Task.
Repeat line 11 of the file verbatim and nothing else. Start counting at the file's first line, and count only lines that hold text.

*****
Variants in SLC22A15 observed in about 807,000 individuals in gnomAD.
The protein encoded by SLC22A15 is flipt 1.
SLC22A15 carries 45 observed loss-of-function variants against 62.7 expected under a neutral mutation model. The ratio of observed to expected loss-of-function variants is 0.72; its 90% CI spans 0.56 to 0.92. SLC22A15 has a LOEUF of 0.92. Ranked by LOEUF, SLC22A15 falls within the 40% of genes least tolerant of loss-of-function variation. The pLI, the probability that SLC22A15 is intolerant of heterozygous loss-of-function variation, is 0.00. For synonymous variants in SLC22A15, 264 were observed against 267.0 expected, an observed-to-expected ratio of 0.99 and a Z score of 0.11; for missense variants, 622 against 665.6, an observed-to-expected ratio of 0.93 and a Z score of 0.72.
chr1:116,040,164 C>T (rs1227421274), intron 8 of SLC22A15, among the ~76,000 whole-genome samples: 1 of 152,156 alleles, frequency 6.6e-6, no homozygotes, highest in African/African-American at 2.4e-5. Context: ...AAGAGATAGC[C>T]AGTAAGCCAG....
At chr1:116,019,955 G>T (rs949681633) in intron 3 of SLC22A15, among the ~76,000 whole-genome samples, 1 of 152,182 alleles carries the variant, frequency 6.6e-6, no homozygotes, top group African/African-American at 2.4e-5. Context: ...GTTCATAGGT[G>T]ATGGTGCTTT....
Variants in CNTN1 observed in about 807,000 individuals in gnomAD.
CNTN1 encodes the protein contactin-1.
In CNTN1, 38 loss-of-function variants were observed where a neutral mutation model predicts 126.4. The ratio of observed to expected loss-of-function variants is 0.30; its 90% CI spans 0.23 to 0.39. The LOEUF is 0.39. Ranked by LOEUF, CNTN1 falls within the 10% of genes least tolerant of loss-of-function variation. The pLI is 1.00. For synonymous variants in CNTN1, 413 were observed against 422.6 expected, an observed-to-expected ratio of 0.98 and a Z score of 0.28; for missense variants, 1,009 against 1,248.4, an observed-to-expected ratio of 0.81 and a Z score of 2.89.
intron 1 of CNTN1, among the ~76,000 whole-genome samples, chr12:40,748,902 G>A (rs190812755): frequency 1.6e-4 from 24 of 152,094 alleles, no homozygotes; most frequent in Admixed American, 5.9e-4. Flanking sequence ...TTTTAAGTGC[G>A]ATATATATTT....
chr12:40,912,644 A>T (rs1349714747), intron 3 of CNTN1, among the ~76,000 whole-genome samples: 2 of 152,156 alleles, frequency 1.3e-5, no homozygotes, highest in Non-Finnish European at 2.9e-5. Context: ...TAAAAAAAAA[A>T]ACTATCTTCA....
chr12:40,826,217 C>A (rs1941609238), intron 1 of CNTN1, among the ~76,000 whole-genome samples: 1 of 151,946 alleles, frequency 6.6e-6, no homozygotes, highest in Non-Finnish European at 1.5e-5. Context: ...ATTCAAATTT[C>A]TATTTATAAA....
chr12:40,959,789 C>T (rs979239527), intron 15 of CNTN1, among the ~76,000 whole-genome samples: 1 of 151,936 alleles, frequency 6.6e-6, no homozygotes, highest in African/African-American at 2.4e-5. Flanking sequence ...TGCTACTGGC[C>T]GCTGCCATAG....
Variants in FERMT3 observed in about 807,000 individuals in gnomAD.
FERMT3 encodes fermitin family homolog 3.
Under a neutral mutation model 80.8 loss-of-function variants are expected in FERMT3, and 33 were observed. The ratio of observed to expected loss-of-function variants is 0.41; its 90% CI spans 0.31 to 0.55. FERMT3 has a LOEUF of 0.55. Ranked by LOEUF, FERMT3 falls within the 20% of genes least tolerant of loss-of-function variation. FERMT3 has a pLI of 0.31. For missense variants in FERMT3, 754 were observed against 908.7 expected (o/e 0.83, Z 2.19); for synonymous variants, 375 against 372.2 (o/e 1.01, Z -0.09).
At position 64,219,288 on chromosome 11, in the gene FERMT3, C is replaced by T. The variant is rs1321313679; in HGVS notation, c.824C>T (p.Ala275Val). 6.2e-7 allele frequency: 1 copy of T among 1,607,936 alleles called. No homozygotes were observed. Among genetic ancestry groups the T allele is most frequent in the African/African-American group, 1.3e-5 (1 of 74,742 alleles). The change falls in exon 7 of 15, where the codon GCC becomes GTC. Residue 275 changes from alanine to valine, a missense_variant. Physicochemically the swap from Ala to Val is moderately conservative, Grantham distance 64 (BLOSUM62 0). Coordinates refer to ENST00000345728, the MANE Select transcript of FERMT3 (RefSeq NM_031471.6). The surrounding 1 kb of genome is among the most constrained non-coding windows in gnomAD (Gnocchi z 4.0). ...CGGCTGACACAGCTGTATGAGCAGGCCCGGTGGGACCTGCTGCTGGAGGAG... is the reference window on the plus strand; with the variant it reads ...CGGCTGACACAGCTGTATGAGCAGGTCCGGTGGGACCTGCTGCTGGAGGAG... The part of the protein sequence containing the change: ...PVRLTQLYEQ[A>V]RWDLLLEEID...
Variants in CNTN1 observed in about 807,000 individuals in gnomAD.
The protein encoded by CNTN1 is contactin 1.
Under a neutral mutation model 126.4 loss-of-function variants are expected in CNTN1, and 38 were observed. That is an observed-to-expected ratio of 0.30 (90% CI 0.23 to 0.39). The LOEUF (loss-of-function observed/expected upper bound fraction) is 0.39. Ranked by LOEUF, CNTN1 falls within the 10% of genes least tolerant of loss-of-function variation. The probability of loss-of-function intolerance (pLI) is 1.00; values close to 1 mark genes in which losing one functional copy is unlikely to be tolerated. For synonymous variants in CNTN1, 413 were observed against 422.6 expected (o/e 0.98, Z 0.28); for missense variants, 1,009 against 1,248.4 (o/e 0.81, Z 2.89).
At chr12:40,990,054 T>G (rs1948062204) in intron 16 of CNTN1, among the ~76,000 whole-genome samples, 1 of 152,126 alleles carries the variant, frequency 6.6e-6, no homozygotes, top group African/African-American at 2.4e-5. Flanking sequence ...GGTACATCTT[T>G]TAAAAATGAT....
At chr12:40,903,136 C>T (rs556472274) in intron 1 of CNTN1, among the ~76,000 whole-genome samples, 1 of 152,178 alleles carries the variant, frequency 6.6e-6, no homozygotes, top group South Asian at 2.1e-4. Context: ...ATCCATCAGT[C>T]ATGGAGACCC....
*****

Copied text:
chr12:40,826,217 C>A (rs1941609238), intron 1 of CNTN1, among the ~76,000 whole-genome samples: 1 of 151,946 alleles, frequency 6.6e-6, no homozygotes, highest in Non-Finnish European at 1.5e-5. Context: ...ATTCAAATTT[C>A]TATTTATAAA....